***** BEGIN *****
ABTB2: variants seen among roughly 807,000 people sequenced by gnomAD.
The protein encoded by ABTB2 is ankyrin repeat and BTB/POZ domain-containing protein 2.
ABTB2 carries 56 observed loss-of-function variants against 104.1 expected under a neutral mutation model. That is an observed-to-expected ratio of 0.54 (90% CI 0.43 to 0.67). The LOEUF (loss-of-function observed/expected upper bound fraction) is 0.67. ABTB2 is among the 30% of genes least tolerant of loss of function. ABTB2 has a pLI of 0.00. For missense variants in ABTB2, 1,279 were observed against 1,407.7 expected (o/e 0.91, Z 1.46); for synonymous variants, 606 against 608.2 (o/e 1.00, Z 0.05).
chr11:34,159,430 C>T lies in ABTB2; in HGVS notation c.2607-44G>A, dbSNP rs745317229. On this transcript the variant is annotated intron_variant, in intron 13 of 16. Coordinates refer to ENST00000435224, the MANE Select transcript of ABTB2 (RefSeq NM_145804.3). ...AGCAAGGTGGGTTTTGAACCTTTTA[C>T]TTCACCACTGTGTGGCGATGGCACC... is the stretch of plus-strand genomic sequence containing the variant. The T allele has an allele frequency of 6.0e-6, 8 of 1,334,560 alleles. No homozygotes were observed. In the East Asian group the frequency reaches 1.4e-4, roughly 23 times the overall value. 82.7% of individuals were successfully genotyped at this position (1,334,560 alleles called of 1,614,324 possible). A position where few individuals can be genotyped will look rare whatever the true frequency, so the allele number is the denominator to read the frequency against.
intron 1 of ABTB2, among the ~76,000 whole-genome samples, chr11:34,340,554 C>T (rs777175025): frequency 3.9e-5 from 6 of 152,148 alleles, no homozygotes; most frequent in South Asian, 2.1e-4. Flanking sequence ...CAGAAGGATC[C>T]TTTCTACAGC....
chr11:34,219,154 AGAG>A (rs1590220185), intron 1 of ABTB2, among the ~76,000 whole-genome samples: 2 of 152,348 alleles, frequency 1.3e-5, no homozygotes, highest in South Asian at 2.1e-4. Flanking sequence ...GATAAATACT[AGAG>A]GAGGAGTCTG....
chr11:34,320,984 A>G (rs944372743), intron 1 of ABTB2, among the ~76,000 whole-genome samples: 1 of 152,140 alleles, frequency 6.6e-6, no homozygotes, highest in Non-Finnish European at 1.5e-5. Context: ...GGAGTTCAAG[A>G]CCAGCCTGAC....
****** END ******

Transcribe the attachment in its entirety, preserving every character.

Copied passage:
ABTB2: variants seen among roughly 807,000 people sequenced by gnomAD.
The protein encoded by ABTB2 is ankyrin repeat and BTB/POZ domain-containing protein 2.
ABTB2 carries 56 observed loss-of-function variants against 104.1 expected under a neutral mutation model. That is an observed-to-expected ratio of 0.54 (90% CI 0.43 to 0.67). The LOEUF (loss-of-function observed/expected upper bound fraction) is 0.67. ABTB2 is among the 30% of genes least tolerant of loss of function. ABTB2 has a pLI of 0.00. For missense variants in ABTB2, 1,279 were observed against 1,407.7 expected (o/e 0.91, Z 1.46); for synonymous variants, 606 against 608.2 (o/e 1.00, Z 0.05).
chr11:34,159,430 C>T lies in ABTB2; in HGVS notation c.2607-44G>A, dbSNP rs745317229. On this transcript the variant is annotated intron_variant, in intron 13 of 16. Coordinates refer to ENST00000435224, the MANE Select transcript of ABTB2 (RefSeq NM_145804.3). ...AGCAAGGTGGGTTTTGAACCTTTTA[C>T]TTCACCACTGTGTGGCGATGGCACC... is the stretch of plus-strand genomic sequence containing the variant. The T allele has an allele frequency of 6.0e-6, 8 of 1,334,560 alleles. No homozygotes were observed. In the East Asian group the frequency reaches 1.4e-4, roughly 23 times the overall value. 82.7% of individuals were successfully genotyped at this position (1,334,560 alleles called of 1,614,324 possible). A position where few individuals can be genotyped will look rare whatever the true frequency, so the allele number is the denominator to read the frequency against.
intron 1 of ABTB2, among the ~76,000 whole-genome samples, chr11:34,340,554 C>T (rs777175025): frequency 3.9e-5 from 6 of 152,148 alleles, no homozygotes; most frequent in South Asian, 2.1e-4. Flanking sequence ...CAGAAGGATC[C>T]TTTCTACAGC....
chr11:34,219,154 AGAG>A (rs1590220185), intron 1 of ABTB2, among the ~76,000 whole-genome samples: 2 of 152,348 alleles, frequency 1.3e-5, no homozygotes, highest in South Asian at 2.1e-4. Flanking sequence ...GATAAATACT[AGAG>A]GAGGAGTCTG....
chr11:34,320,984 A>G (rs944372743), intron 1 of ABTB2, among the ~76,000 whole-genome samples: 1 of 152,140 alleles, frequency 6.6e-6, no homozygotes, highest in Non-Finnish European at 1.5e-5. Context: ...GGAGTTCAAG[A>G]CCAGCCTGAC....